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The Tu-154M and Tu-154M Lux are the most highly upgraded version, which first flew in 1982 and entered mass production in 1984. It uses more fuel-efficient Soloviev D-30KU-154 turbofans. Together with significant aerodynamic refinement, this led to much lower fuel consumption and therefore longer range, as well as lower operating costs. The aircraft has new double-slotted (instead of triple-slotted) flaps, with an extra 36-degree position (in addition to existing 15, 28 and 45-degree positions on older versions), which allows reduction of noise on approach. It also has a relocated auxiliary power unit and numerous other improvements. Manufacture continued through 2006, and there is still limited manufacturing as of January 2009.(photo link) Max. take-off weight increased first to 100,000 kg (220,462 lb), then to 102,000 kg (224,872 lb). Some aircraft are certified to 104,000 kg (229,281 lb). Tail numbers are 85616 (prototype), production aircraft from 85606 and on (except 85804, which is re-imported Tu-154B-2). About 320 were manufactured. Mass production ended in 2006. No new airframes have been built since the early 1990s, and production since then has involved assembling airplanes from components on hand. This is the most widely used version in the former Soviet states.
On the face of it, the Smolensk accident has the hallmarks of the classic attempt by pilots to descend below minimum conditions in an attempt to land in bad visibility. It is being assumed by professionals that the Polish Air Force captain was under heavy pressure to get his plane-load of top brass to the historic ceremony at Katyn. The desire to land at all costs is known in the trade as "get-there-itis" and pilots are trained to resist it. But there are unanswered questions.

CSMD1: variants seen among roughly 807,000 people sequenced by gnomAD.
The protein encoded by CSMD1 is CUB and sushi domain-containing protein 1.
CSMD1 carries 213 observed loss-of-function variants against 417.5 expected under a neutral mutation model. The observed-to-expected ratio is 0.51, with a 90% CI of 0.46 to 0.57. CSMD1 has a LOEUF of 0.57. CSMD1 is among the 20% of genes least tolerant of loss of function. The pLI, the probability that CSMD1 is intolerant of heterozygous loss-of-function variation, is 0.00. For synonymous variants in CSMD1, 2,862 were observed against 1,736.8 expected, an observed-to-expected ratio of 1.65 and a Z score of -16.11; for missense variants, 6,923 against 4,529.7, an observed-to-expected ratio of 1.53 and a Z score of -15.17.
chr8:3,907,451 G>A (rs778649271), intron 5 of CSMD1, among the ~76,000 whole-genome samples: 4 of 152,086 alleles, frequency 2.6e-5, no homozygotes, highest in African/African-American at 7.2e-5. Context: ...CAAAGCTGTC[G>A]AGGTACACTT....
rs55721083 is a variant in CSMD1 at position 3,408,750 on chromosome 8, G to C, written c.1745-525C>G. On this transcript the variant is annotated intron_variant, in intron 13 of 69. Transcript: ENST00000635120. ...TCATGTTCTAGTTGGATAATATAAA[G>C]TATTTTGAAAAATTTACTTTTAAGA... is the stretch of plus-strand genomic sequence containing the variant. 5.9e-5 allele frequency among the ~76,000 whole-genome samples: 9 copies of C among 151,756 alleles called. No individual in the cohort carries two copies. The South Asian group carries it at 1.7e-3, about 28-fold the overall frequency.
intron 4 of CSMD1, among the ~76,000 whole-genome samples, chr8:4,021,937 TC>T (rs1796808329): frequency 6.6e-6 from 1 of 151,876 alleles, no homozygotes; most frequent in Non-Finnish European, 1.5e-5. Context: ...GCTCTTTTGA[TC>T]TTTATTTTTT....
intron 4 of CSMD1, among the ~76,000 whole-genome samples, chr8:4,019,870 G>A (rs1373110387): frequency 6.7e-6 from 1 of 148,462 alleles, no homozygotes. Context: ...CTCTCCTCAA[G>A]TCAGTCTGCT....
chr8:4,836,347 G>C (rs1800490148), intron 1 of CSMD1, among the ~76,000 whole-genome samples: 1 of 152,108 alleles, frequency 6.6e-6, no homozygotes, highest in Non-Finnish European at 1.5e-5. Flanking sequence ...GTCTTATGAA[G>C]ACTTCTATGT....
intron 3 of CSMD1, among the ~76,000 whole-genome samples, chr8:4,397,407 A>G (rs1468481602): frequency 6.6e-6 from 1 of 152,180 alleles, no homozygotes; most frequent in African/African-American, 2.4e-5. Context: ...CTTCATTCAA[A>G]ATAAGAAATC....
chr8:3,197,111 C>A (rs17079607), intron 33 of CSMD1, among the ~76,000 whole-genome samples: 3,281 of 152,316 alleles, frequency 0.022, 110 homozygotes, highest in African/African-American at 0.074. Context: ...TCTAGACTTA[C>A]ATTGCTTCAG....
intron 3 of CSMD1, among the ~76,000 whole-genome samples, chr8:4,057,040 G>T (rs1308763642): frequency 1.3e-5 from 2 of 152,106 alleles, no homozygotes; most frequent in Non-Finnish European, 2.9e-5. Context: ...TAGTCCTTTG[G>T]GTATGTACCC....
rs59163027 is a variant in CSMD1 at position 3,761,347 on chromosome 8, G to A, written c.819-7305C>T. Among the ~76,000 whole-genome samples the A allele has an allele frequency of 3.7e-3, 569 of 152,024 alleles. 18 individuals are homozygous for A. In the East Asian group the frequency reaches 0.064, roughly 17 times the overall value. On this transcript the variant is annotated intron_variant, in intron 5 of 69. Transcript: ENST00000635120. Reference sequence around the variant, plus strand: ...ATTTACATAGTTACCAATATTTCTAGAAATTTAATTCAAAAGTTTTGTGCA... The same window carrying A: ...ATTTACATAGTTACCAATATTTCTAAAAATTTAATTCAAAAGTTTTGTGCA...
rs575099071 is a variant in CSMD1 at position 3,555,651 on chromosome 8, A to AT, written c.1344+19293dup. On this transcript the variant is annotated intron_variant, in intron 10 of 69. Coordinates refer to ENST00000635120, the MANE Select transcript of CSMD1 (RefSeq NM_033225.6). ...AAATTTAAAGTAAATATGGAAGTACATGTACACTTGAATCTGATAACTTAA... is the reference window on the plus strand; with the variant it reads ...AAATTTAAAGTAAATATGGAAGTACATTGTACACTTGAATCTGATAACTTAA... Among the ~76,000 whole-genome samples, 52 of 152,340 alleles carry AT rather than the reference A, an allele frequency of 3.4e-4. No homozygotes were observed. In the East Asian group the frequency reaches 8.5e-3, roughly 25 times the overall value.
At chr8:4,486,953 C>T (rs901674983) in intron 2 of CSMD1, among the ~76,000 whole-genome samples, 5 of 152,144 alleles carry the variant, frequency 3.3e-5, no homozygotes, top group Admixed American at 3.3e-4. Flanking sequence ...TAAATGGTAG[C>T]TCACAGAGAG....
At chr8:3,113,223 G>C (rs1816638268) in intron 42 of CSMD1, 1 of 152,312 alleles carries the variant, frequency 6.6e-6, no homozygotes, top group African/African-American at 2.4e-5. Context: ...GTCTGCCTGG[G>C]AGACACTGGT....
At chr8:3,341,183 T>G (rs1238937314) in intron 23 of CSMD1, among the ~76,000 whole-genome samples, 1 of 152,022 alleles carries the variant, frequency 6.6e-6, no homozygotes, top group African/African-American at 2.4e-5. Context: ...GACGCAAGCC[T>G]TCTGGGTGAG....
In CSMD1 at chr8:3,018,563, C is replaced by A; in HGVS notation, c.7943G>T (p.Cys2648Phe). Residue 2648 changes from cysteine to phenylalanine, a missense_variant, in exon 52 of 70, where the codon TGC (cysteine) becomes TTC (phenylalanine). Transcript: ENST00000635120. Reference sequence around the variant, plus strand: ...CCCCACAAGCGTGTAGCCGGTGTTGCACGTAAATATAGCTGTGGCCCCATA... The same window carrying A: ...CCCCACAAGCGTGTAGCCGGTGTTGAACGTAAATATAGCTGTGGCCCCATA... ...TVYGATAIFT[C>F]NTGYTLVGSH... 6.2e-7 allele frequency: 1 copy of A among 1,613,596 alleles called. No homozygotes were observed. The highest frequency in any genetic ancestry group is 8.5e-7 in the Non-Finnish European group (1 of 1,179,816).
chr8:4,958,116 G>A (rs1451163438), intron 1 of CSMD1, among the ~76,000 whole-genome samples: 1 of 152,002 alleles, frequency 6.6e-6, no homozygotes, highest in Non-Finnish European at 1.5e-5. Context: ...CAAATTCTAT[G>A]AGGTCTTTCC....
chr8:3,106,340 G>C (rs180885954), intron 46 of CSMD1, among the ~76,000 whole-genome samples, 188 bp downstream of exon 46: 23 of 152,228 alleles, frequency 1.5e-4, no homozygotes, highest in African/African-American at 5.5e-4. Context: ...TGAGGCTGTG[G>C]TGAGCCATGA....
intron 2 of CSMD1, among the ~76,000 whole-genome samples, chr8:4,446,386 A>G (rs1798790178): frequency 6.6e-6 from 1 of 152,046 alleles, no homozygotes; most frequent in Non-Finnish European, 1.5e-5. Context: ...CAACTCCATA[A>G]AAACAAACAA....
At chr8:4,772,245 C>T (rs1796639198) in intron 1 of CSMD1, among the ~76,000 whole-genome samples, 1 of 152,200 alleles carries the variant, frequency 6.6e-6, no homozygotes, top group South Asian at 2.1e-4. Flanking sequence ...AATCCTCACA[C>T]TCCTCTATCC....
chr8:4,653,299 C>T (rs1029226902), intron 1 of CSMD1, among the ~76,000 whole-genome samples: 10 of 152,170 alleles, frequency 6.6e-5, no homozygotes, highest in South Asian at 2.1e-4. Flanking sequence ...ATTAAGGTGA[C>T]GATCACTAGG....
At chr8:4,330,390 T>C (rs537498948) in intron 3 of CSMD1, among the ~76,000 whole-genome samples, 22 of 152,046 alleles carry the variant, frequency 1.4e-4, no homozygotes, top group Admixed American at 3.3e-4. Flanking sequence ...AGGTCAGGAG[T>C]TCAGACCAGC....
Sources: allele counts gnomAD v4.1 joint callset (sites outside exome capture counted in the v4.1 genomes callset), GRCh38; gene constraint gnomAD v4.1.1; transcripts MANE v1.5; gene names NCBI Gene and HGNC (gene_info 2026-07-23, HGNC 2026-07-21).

According to the Russian authorities the crew of the Tu-154M were making a fourth attempt to land. Fog covered the area, but visibility of a few hundred yards was reported. Standard rules for airlines require crew to give up after two attempts and divert to an alternate destination. If the Russian report is right, the crew were pushing it. But new reports today suggest that this may have been their first approach after circling the field three times. They were of course operating under military, not civil airline, conditions.
The Smolensk North military airfield lacks an instrument landing system (ILS), the equipment that allows aircraft to descend very low in cloud on the approach to the runway. A civilian plane at Smolensk would normally be making a "non-precision" instrument approach, based on the "NDB" radio beacon at the field (it is not equipped with a more precise VOR beacon). This would require that the pilots spot the runway surroundings ahead and before they descend below a safe minimum height of a few hundred feet. Experts are saying today that a standard non-precision approach in the weather prevailing at Smolensk would have been unlikely.
There is an alternative. The pilots may have been on a military Precision Approach Radar (PAR) -- a method used very rarely in civil aviation. The Russians have not confirmed that this was the case, but their statements suggest it. With PAR, the pilots are talked down by controllers using very acurate ground-based radar. The approaching aircraft is kept on the glideslope by verbal instructions -- "high, low, left right" and so on. That was, for example, how planes landed at Sarajevo in poor weather during the siege in the mid-1990s.
We know that the Russian military controllers were closely monitoring, if not guiding, the approach because they told the Polish crew that they were descending below the glide-path and advised them to give up, according to officials. The controllers advised them to try another destination, but the captain has final authority. The airliner hit the trees a kilometre from the runway and slightly north of its normal approach course.
Originally posted by potential_problem
[topic unsuscribed, this is ridiculous, this place is shallow as sake bowl]
Originally posted by DCDAVECLARKE
Can anybody answer me this! why were all these important People put on such a Mickey Mouse Plane in the first place.